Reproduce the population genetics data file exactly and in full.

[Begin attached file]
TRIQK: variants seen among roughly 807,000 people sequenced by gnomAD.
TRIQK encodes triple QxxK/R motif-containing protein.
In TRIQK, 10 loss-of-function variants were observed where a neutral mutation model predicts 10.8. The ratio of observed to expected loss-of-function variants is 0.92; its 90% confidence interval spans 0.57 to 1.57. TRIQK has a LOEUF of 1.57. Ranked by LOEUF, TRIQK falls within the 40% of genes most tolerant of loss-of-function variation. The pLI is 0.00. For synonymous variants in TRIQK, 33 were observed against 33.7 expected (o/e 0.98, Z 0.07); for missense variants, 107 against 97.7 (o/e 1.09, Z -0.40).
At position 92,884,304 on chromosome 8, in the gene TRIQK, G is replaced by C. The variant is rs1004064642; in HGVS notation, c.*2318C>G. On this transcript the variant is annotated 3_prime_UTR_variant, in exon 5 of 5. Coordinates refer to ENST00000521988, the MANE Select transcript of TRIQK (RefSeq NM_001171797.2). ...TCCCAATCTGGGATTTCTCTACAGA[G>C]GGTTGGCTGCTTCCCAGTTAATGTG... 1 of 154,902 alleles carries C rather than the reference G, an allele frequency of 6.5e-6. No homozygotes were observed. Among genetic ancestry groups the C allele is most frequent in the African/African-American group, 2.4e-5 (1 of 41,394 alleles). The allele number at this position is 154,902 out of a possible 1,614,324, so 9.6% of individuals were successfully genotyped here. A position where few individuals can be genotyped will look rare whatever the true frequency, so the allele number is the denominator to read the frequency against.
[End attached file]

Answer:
TRIQK: variants seen among roughly 807,000 people sequenced by gnomAD.
TRIQK encodes triple QxxK/R motif-containing protein.
In TRIQK, 10 loss-of-function variants were observed where a neutral mutation model predicts 10.8. The ratio of observed to expected loss-of-function variants is 0.92; its 90% confidence interval spans 0.57 to 1.57. TRIQK has a LOEUF of 1.57. Ranked by LOEUF, TRIQK falls within the 40% of genes most tolerant of loss-of-function variation. The pLI is 0.00. For synonymous variants in TRIQK, 33 were observed against 33.7 expected (o/e 0.98, Z 0.07); for missense variants, 107 against 97.7 (o/e 1.09, Z -0.40).
At position 92,884,304 on chromosome 8, in the gene TRIQK, G is replaced by C. The variant is rs1004064642; in HGVS notation, c.*2318C>G. On this transcript the variant is annotated 3_prime_UTR_variant, in exon 5 of 5. Coordinates refer to ENST00000521988, the MANE Select transcript of TRIQK (RefSeq NM_001171797.2). ...TCCCAATCTGGGATTTCTCTACAGA[G>C]GGTTGGCTGCTTCCCAGTTAATGTG... 1 of 154,902 alleles carries C rather than the reference G, an allele frequency of 6.5e-6. No homozygotes were observed. Among genetic ancestry groups the C allele is most frequent in the African/African-American group, 2.4e-5 (1 of 41,394 alleles). The allele number at this position is 154,902 out of a possible 1,614,324, so 9.6% of individuals were successfully genotyped here. A position where few individuals can be genotyped will look rare whatever the true frequency, so the allele number is the denominator to read the frequency against.